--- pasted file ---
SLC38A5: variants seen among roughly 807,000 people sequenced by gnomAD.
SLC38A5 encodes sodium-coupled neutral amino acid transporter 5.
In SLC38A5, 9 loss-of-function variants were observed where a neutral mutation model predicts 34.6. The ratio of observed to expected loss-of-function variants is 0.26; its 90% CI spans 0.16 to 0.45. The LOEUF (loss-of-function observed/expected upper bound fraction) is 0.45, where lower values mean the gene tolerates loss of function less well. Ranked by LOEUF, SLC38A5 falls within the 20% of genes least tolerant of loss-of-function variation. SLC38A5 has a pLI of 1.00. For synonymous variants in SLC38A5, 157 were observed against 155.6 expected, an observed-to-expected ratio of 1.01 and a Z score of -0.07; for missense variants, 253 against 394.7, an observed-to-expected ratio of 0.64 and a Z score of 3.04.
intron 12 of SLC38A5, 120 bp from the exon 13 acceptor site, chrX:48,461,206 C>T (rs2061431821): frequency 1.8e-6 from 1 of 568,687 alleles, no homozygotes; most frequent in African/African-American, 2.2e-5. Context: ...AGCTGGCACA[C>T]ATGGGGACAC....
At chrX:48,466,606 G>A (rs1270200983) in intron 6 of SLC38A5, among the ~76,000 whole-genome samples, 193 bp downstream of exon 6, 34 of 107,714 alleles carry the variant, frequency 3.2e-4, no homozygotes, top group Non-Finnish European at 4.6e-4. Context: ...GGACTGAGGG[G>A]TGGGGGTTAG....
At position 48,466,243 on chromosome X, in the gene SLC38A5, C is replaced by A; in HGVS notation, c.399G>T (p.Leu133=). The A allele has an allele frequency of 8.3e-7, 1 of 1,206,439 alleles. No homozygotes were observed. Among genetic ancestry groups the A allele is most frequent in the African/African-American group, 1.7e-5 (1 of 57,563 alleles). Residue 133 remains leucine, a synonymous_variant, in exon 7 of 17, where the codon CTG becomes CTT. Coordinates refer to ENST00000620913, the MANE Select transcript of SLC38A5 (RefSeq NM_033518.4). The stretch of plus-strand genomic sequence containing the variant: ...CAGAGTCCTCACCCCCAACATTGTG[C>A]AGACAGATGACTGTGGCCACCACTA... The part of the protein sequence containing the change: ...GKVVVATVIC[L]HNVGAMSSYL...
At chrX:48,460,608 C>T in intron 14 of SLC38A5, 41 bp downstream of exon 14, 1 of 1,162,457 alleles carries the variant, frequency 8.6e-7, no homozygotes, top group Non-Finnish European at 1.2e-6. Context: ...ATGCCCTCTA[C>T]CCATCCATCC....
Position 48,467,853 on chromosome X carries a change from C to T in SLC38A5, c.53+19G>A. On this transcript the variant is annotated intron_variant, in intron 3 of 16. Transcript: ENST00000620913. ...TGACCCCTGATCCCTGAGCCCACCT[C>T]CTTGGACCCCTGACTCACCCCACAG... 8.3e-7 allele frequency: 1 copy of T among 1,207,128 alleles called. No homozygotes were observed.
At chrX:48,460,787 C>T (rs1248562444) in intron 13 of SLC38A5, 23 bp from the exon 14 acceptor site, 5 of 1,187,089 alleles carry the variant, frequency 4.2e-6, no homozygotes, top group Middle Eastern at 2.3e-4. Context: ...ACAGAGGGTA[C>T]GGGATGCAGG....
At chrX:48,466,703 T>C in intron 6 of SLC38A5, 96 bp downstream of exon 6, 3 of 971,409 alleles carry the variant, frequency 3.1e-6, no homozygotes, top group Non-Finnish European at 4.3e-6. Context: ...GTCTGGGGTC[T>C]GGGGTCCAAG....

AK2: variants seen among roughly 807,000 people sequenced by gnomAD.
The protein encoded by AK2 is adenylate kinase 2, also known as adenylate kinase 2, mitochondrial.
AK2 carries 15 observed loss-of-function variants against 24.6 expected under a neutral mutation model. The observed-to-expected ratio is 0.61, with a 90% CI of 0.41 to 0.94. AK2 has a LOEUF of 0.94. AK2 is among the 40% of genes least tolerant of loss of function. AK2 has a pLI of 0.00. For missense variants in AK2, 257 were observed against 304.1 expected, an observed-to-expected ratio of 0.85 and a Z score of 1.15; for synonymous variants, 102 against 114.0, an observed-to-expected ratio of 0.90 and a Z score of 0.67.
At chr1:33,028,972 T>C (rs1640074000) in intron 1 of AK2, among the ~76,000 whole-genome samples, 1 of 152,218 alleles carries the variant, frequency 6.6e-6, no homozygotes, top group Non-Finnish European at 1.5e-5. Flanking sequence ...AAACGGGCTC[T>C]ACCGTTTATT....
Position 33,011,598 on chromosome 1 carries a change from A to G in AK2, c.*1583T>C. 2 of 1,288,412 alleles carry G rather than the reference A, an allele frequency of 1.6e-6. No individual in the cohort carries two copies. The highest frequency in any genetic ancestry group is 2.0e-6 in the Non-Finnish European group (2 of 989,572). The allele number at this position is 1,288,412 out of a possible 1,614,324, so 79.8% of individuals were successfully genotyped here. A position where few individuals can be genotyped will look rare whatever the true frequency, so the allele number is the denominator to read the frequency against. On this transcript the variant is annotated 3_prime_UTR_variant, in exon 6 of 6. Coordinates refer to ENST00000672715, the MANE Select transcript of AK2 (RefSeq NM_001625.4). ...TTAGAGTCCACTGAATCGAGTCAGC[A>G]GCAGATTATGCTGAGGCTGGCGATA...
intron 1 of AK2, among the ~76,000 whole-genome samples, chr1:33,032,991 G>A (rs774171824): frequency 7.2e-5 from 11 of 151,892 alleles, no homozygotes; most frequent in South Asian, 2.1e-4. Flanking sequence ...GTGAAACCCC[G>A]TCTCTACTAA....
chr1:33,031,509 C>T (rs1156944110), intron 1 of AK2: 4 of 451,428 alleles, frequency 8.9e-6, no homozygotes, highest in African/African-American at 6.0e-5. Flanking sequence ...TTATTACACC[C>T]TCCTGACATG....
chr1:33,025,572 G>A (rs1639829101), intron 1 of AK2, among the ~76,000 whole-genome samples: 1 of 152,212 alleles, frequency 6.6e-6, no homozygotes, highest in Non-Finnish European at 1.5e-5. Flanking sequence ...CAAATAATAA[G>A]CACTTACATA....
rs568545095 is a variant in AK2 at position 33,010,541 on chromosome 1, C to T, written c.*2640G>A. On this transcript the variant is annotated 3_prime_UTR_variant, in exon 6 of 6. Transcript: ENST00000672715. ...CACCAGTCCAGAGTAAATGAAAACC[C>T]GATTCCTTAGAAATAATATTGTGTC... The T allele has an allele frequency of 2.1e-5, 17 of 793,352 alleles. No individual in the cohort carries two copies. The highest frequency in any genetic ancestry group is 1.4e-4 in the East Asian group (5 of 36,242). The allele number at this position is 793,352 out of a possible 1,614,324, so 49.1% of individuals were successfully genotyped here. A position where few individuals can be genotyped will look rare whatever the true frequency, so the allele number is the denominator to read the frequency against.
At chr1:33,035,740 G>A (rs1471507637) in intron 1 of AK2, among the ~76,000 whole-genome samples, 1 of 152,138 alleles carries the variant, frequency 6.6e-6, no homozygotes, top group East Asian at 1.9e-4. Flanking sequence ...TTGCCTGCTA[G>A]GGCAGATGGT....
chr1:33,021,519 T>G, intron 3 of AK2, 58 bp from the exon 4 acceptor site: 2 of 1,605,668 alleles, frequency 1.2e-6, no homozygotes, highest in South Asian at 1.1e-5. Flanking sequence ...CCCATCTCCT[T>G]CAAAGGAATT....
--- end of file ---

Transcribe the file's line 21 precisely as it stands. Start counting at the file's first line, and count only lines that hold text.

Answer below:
chr1:33,021,519 T>G, intron 3 of AK2, 58 bp from the exon 4 acceptor site: 2 of 1,605,668 alleles, frequency 1.2e-6, no homozygotes, highest in South Asian at 1.1e-5. Flanking sequence ...CCCATCTCCT[T>G]CAAAGGAATT....